Terrorism

Terror in the French Revolution and Today

Samuel Farber
International Socialist Review
The author argues that the Terror of the French Revolution was a price worth paying, and that the lessons from overthrowing the old regime should temper today's trend of maligning oppressed people's resort to violence as itself a rationale for ongoing class injustices. The reviewer, no critic of revolutionary struggle, argues that the author overemphasizes the pursuit of vengeance then and now involved at the expense of politics and a weighing of class forces.

Terror and Geopolitics: Manchester 2017 and 1996

Juan Cole
Common Dreams
The attack in Manchester was likely by Sunni radicals (ISIL has claimed it), and came two days after President Trump blamed all terrorism on Shiite Iran at a speech in Saudi Arabia, the proponent of a form of extreme Sunni supremacism. In 1996, Manchester had also been victimized by a bomb at a civillian center; in that instance left by the Provisional IRA. The question is: can anything be learned from looking at 1996 and 2017 in the same historical frame?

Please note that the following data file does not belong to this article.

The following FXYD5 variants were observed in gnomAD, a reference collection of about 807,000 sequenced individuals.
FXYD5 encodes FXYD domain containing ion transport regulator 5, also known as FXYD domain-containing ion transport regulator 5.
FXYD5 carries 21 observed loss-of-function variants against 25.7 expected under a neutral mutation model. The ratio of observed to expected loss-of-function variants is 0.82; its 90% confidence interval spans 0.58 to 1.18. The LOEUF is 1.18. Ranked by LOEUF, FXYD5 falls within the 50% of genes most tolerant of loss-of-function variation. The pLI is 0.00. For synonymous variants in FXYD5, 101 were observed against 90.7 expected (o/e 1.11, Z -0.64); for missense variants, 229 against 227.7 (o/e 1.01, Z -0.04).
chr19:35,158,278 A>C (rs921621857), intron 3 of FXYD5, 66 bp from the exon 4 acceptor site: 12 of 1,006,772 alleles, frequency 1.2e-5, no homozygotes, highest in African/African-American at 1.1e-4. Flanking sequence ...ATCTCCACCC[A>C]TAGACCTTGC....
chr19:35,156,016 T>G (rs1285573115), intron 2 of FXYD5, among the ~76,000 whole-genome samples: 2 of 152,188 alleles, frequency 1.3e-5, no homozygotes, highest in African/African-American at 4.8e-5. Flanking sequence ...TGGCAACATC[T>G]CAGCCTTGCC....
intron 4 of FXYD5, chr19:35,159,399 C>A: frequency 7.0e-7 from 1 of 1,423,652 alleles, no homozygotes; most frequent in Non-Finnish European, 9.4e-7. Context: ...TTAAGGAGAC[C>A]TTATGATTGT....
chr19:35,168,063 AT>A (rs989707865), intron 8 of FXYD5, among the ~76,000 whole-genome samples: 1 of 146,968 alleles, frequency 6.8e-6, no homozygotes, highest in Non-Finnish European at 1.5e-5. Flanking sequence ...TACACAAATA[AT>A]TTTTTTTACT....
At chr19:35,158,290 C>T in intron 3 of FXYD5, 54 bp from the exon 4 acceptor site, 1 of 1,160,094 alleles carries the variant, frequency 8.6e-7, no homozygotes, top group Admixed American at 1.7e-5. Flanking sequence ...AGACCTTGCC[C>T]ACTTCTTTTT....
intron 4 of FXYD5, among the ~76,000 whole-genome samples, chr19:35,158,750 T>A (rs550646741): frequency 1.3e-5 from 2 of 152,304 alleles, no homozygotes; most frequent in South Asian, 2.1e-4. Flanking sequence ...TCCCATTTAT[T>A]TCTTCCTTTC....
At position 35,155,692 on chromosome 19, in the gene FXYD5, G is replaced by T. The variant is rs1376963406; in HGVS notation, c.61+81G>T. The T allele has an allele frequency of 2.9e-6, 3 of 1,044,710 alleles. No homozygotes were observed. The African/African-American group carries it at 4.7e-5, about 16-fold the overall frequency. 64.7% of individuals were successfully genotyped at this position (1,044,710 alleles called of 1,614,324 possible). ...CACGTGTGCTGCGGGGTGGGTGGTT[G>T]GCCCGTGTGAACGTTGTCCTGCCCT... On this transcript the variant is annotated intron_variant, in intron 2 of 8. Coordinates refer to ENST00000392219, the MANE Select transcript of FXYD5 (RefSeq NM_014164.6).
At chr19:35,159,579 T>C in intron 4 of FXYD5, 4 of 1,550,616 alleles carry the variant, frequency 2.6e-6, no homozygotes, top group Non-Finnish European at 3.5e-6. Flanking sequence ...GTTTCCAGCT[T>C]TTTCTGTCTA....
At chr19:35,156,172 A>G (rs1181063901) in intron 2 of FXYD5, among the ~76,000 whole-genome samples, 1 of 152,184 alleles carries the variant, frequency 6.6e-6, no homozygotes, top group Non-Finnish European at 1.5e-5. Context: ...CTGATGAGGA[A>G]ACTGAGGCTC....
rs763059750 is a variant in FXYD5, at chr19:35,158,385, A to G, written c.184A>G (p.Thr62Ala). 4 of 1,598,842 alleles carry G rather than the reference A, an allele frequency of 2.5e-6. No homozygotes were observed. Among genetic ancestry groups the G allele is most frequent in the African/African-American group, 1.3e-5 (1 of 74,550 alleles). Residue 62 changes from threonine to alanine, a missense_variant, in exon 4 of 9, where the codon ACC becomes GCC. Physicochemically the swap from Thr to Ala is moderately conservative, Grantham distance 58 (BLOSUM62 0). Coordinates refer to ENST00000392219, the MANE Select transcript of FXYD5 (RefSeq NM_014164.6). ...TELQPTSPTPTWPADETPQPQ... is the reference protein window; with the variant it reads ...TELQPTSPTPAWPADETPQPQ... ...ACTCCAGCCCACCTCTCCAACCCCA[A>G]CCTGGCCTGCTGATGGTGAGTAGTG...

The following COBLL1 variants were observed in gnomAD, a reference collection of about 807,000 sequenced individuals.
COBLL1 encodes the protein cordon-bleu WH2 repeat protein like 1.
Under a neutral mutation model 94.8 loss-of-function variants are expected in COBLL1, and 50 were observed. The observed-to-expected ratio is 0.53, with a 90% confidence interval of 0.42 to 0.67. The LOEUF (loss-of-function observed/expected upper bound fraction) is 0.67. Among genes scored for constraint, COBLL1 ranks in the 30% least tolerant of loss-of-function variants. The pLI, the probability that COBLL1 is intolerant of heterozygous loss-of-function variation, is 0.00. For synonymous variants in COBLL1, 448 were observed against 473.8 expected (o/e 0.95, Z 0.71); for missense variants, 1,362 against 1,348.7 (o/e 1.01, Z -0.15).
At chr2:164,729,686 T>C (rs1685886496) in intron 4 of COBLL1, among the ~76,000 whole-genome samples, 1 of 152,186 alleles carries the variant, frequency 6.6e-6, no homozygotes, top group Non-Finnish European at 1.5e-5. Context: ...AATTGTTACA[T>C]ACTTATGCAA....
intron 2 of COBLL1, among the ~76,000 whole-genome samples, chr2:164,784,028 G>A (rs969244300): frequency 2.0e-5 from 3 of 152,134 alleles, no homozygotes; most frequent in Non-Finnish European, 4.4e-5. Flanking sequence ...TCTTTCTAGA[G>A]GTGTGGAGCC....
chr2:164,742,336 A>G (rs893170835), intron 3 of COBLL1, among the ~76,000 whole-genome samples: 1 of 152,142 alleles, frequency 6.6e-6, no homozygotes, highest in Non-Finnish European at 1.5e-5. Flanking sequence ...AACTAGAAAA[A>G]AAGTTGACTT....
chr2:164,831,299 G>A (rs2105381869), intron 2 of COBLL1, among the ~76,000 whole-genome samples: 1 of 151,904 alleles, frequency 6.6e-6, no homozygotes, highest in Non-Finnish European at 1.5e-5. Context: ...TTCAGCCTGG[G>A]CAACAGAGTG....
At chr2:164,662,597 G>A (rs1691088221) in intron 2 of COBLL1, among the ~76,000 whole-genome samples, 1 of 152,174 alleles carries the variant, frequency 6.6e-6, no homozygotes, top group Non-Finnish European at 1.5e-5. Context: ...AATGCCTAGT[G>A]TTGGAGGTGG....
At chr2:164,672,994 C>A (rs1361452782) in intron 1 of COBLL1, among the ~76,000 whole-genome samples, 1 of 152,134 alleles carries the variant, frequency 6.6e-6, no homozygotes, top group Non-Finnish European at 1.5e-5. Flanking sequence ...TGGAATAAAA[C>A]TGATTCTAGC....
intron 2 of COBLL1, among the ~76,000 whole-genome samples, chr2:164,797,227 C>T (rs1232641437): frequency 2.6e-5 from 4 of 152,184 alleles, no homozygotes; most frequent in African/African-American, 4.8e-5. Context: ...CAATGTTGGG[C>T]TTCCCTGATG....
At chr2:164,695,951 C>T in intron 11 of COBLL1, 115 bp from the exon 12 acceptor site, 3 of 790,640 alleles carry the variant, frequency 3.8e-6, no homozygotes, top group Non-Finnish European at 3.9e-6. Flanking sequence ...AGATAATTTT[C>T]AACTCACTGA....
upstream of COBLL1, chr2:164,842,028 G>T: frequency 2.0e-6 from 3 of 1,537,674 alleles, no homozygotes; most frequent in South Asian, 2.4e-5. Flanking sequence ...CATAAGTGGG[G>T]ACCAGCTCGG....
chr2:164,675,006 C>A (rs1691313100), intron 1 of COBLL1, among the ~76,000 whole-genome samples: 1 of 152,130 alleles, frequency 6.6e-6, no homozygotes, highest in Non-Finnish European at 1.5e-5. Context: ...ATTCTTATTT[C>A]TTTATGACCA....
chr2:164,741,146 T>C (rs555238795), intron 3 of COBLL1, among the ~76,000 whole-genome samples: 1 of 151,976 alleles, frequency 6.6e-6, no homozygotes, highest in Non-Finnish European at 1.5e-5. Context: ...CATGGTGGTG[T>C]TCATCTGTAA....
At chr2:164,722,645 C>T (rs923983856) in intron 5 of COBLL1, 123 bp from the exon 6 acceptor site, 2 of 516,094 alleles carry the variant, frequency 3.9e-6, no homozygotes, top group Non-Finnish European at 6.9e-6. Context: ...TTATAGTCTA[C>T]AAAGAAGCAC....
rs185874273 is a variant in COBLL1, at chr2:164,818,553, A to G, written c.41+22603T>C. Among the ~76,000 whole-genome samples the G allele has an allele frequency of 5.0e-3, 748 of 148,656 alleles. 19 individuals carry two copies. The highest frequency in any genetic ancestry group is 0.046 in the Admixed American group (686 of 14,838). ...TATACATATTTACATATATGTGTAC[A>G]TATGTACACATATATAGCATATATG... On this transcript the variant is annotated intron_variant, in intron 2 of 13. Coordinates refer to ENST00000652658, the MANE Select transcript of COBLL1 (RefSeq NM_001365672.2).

Why It's So Hard to Understand That the Violence Your Country Exports Is Terrorism

Vijay Prashad
Jadaliyya/AlterNet
Rather than evaluate one’s own behavior in a bad situation, one tends to blame others and to disregard the constraints that others operate under. This is typically considered to be a “self-serving bias”. The character of the man of the West always surmounts the character of the man of the East. The violence of the West is prophylactic, while the violence of the East is destructive.

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